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May 15, 2018 BOOKLIST
Find more Notable Books
This list has been compiled for use by the general reader and by librarians who work with adults. The Notable Books Council, ALA Reference and User Services Association (RUSA), has selected the titles for their significant contribution to the expansion of knowledge or for the pleasure they can provide to adult readers. All titles were published in 2017.
American War. By Omar El Akkad. Knopf, $26.95 (9780451493583).
A second Civil War turns lives upside down in this devastating vision of a dystopian future.
Days without End. By Sebastian Barry. Viking, $26 (9780525427360).
A tender love story between two soldiers spans the mid-nineteenth-century American wars.
Exit West. By Mohsin Hamid. Riverhead, $26 (9780735212176).
A young couple’s relationship takes on the velocity of their city’s civil unrest and evolves as they experience life as refugees.
Here in Berlin. By Cristina García. Counterpoint, $26 (9781619029590).
Through interviews with myriad characters, a mysterious visitor to Germany unveils the lasting consequences of WWII.
Human Acts. By Han Kang. Hogarth, $21 (9781101906729).
Following the brutal Gwangju Uprising and the murder of a teenage boy, a series of linked stories relates the experiences of the victims and the survivors.
The Last Ballad. By Wiley Cash. Morrow, $26.99 (9780062313119).
A fateful decision puts a mother on a collision course with history during a 1929 textile-mill strike in North Carolina.
Less. By Andrew Sean Greer. Little, Brown/Lee Boudreaux, $26 (9780316316125).
A 50-year-old novelist experiences a second coming-of-age in this madcap romp through the literary world.
Lincoln in the Bardo. By George Saunders. Random, $28 (9780812995343).
Characters stuck in an ambiguous limbo after their deaths narrate the story of the president’s visits to the graveyard following the tragic loss of his son.
Pachinko. By Min Jin Lee. Grand Central, $25.98 (9781478907121).
This immersive multigenerational saga follows a Korean family in twentieth-century Japan.
Sing, Unburied, Sing. By Jesmyn Ward. Scribner, $26 (9781501126062).
A lyrical and psychologically astute exploration of the gravity of history that still ripples through the lives of a Mississippi family.
Solar Bones. By Mike McCormack. Soho, $25 (9781616958534).
A man sits at his kitchen table and ruminates on his life’s mistakes and accomplishments and ponders the meaning of it all.
Stay with Me. By Ayobami Adebayo. Knopf, $25.95 (9780451494603).
Secrets and loss torment a modern Nigerian couple.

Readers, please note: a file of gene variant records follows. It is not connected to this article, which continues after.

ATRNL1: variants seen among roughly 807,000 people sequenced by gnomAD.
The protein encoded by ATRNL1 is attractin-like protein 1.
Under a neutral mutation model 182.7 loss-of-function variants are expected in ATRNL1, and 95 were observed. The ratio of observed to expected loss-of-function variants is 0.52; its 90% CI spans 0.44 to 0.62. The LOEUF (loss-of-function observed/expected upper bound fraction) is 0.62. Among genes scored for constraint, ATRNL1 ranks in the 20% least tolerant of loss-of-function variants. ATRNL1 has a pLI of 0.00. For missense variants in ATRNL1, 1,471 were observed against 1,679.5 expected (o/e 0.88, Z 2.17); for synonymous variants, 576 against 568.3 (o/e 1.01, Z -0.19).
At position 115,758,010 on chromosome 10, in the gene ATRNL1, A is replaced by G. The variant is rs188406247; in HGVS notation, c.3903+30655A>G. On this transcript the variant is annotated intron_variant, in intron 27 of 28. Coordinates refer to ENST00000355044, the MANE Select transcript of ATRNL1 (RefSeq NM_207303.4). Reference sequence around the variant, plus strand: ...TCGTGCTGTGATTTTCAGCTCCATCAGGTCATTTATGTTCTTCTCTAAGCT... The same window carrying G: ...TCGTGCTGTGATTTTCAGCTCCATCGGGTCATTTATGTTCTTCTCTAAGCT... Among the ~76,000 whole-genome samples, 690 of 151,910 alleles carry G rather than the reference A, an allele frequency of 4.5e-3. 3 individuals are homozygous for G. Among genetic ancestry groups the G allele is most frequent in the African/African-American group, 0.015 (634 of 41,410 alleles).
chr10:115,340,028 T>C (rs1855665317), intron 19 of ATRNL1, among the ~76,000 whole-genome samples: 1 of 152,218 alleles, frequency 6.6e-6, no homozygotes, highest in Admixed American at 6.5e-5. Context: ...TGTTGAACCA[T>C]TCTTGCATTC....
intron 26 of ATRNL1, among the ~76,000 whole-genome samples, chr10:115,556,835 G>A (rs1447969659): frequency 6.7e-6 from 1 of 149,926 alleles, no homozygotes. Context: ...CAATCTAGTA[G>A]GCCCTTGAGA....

Bellevue: Three Centuries of Medicine and Mayhem at America’s Most Storied Hospital. By David Oshinsky. Doubleday, $30 (9780385523363).
The story of New York’s enduring medical institution chronicles 300 years of public health care.
The Best We Could Do: An Illustrated Memoir. By Thi Bui. Abrams ComicArts, $24.95 (9781419718779).
A first-generation immigrant reflects on her family history in this nonfiction graphic novel.
The Blood of Emmett Till. By Timothy B. Tyson. Simon & Schuster, $27 (9781476714844).
Drawing on new information, the author returns to the 1955 lynching of an African American boy in Mississippi.
The Butchering Art: Joseph Lister’s Quest to Transform the Grisly World of Victorian Medicine. By Lindsey Fitzharris. Farrar/Scientific American, $27 (9780374117290).
A gory history of nineteenth-century surgery and the adoption of modern antiseptic practices.
Grant. By Ron Chernow. Penguin, $40 (9781594204876).
In this definitive biography, new scholarship illuminates the life of a complex American president.
Huê 1968: A Turning Point of the American War in Vietnam. By Mark Bowden. Atlantic Monthly, $30 (9780802127006).
A multiple-perspective account of what proved to be a decisive moment in a conflict that is indelibly marked on the American psyche.
Hunger: A Memoir of (My) Body.By Roxane Gay. Harper, $25.99 (9780062362599).
This candid account lays bare the author’s personal demons.
Killers of the Flower Moon: The Osage Murders and the Birth of the FBI. By David Grann. Doubleday, $29.95 (9780385534246).
A combination of history and true crime in which a Native American tribe is defrauded and nearly eradicated.
The Radium Girls: The Dark Story of America’s Shining Women. By Kate Moore. Sourcebooks, $26.99 (9781492649359).
In early twentieth-century watch factories, dial painters suffer the deterioration of their bodies and fight to pave the way for workplace safety standards.
Robert Lowell, Setting the River on Fire: A Study of Genius, Mania, and Character. By Kay Redfield Jamison. Knopf, $29.95 (9780307700278).
A multilayered exploration of an American literary giant and the relationship between creativity and mental illness.
You Don’t Have to Say You Love Me. By Sherman Alexie. Little, Brown, $28 (9780316270755).
A deeply moving memoir about a son’s complicated relationship with his mother told in 78 poems and 78 essays.
The Woman Who Smashed Codes: A True Story of Love, Spies, and the Unlikely Heroine Who Outwitted America’s Enemies. By Jason Fagone. Morrow/Dey Street, $27.99 (9780062430489).
A biography of the forgotten heroine who founded American cryptography and cracked the Nazi Enigma machine.
I Know Your Kind. By William Brewer. Milkweed, $16 (9781571314956).
Set in small-town Appalachia, this powerful collection humanizes America’s opioid epidemic.
The Virginia State Colony for Epileptics and Feebleminded. By Molly McCully Brown. Persea, $15.95 (9780892554782).
A dark imagining of life at a government-run institution.
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